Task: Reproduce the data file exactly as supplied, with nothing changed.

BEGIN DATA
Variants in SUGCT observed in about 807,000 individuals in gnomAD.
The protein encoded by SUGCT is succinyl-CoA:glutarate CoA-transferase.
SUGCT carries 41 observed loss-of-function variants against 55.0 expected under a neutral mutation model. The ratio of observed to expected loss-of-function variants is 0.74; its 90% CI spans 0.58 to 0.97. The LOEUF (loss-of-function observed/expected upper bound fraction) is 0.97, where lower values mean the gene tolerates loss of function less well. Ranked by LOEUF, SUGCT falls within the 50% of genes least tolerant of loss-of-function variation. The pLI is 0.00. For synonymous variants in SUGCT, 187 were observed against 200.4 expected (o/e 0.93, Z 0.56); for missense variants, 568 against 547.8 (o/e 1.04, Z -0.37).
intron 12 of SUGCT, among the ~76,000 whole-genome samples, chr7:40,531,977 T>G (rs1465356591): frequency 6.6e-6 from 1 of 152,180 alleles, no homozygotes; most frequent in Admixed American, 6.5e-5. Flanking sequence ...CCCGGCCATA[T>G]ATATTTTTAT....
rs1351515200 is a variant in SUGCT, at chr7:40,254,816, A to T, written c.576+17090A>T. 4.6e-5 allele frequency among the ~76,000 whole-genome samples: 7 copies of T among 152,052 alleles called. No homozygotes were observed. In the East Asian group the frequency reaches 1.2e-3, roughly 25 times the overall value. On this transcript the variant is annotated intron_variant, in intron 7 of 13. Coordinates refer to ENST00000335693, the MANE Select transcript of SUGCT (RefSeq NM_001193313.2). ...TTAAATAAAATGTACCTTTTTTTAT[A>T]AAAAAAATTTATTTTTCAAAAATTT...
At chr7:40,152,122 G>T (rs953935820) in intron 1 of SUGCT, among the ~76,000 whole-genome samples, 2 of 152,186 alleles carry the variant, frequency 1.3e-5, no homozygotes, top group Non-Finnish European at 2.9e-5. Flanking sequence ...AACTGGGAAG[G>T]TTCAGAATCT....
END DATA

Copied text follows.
Variants in SUGCT observed in about 807,000 individuals in gnomAD.
The protein encoded by SUGCT is succinyl-CoA:glutarate CoA-transferase.
SUGCT carries 41 observed loss-of-function variants against 55.0 expected under a neutral mutation model. The ratio of observed to expected loss-of-function variants is 0.74; its 90% CI spans 0.58 to 0.97. The LOEUF (loss-of-function observed/expected upper bound fraction) is 0.97, where lower values mean the gene tolerates loss of function less well. Ranked by LOEUF, SUGCT falls within the 50% of genes least tolerant of loss-of-function variation. The pLI is 0.00. For synonymous variants in SUGCT, 187 were observed against 200.4 expected (o/e 0.93, Z 0.56); for missense variants, 568 against 547.8 (o/e 1.04, Z -0.37).
intron 12 of SUGCT, among the ~76,000 whole-genome samples, chr7:40,531,977 T>G (rs1465356591): frequency 6.6e-6 from 1 of 152,180 alleles, no homozygotes; most frequent in Admixed American, 6.5e-5. Flanking sequence ...CCCGGCCATA[T>G]ATATTTTTAT....
rs1351515200 is a variant in SUGCT, at chr7:40,254,816, A to T, written c.576+17090A>T. 4.6e-5 allele frequency among the ~76,000 whole-genome samples: 7 copies of T among 152,052 alleles called. No homozygotes were observed. In the East Asian group the frequency reaches 1.2e-3, roughly 25 times the overall value. On this transcript the variant is annotated intron_variant, in intron 7 of 13. Coordinates refer to ENST00000335693, the MANE Select transcript of SUGCT (RefSeq NM_001193313.2). ...TTAAATAAAATGTACCTTTTTTTAT[A>T]AAAAAAATTTATTTTTCAAAAATTT...
At chr7:40,152,122 G>T (rs953935820) in intron 1 of SUGCT, among the ~76,000 whole-genome samples, 2 of 152,186 alleles carry the variant, frequency 1.3e-5, no homozygotes, top group Non-Finnish European at 2.9e-5. Flanking sequence ...AACTGGGAAG[G>T]TTCAGAATCT....